The current study compares traditional conclusion scales against strength-of-support scales to determine how these new statements might be used by examiners in casework.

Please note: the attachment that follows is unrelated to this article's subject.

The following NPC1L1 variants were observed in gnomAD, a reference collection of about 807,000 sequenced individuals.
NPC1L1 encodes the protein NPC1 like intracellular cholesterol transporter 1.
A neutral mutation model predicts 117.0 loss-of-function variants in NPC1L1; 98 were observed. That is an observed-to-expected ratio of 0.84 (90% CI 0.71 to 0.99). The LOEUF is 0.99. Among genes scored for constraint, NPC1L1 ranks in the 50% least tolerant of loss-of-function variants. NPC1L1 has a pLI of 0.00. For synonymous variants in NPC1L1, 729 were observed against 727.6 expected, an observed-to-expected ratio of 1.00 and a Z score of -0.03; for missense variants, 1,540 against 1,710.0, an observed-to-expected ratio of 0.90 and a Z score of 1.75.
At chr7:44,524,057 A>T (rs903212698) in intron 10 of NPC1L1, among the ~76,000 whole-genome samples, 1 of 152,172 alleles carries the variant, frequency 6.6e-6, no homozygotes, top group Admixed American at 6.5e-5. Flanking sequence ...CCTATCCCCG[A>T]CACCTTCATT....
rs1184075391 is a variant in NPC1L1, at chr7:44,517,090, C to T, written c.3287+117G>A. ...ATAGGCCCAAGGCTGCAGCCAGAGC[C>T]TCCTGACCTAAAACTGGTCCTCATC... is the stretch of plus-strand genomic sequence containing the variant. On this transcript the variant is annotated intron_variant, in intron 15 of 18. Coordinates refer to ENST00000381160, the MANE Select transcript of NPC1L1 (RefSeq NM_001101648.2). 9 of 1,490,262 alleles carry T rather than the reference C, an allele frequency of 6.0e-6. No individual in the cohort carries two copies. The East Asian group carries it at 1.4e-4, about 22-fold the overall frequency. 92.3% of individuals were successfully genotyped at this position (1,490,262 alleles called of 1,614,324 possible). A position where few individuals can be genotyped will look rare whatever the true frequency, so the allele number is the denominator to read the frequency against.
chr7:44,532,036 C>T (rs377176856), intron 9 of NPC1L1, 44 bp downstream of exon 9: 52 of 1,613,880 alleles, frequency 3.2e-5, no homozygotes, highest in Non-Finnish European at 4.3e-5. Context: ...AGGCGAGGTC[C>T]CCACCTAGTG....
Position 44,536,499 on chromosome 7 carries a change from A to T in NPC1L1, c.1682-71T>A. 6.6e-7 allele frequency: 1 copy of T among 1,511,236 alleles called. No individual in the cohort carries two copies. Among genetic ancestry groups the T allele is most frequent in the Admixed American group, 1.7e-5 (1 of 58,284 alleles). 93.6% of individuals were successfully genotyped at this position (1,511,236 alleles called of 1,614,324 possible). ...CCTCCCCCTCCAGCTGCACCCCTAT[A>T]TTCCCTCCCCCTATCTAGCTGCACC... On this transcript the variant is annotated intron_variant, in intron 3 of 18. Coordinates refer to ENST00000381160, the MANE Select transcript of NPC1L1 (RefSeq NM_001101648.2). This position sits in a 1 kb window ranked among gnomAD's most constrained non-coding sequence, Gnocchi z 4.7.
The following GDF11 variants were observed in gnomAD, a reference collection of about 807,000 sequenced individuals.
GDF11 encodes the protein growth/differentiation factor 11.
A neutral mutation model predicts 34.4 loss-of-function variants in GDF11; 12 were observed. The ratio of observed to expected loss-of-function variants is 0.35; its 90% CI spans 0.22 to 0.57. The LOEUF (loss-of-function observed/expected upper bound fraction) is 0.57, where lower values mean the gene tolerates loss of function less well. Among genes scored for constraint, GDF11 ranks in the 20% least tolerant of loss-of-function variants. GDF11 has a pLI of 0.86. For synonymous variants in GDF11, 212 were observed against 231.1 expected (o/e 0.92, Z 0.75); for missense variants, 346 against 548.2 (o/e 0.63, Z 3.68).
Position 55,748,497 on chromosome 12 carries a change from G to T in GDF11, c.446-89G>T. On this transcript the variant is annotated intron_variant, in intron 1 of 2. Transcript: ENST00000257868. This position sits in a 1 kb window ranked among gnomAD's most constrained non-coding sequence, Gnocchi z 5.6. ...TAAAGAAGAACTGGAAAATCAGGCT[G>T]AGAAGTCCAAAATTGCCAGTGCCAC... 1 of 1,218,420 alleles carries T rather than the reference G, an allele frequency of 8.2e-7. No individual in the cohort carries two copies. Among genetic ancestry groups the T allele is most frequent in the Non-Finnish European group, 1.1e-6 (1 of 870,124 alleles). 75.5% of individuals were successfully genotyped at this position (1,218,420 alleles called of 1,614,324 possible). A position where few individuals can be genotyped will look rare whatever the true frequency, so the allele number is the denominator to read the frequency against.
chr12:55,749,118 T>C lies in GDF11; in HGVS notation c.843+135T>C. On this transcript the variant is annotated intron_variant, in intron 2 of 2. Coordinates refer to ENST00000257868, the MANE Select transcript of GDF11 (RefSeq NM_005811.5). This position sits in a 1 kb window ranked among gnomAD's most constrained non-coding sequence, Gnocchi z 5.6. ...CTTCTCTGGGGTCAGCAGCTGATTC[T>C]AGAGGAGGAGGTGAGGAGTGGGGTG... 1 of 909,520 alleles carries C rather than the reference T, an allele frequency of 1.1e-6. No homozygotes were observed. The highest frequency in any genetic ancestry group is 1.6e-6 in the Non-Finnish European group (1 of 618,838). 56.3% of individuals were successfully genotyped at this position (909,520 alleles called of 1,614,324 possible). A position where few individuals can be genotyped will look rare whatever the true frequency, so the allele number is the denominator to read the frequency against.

In the pattern comparison disciplines such as fingerprints, footwear, and toolmarks, the results of a comparison are communicated by examiners in the form of categorical conclusions such as Identification or Exclusion. These statements have been criticized as requiring knowledge of prior probabilities by the examiners and being overinterpreted by laypersons. Alternative statements based on strength-of-support language have been proposed. In the current study, each participant completed 60 comparisons within their discipline, which were designed to approximate casework conditions, using either a traditional or a strength-of-support conclusion scale. The scale used on each trial was randomly assigned, and participants knew the scale for that trial as they began the comparison. Fingerprint examiners were much less likely to use Extremely Strong Support for Common Source than Identification. Footwear examiners treated the traditional and strength-of-support scales similarly, but toolmark examiners were much less likely to use Extremely Strong Support for Common Source than Identification, similar to fingerprint examiners. A separate group of fingerprint examiners used Identification less often when an expanded scale was available. The results demonstrate that expanded scales may result in the highest conclusion category being used less often by examiners when other alternatives are possible, and the term “extremely strong support” may introduce risk aversion on the part of examiners. (Publisher Abstract)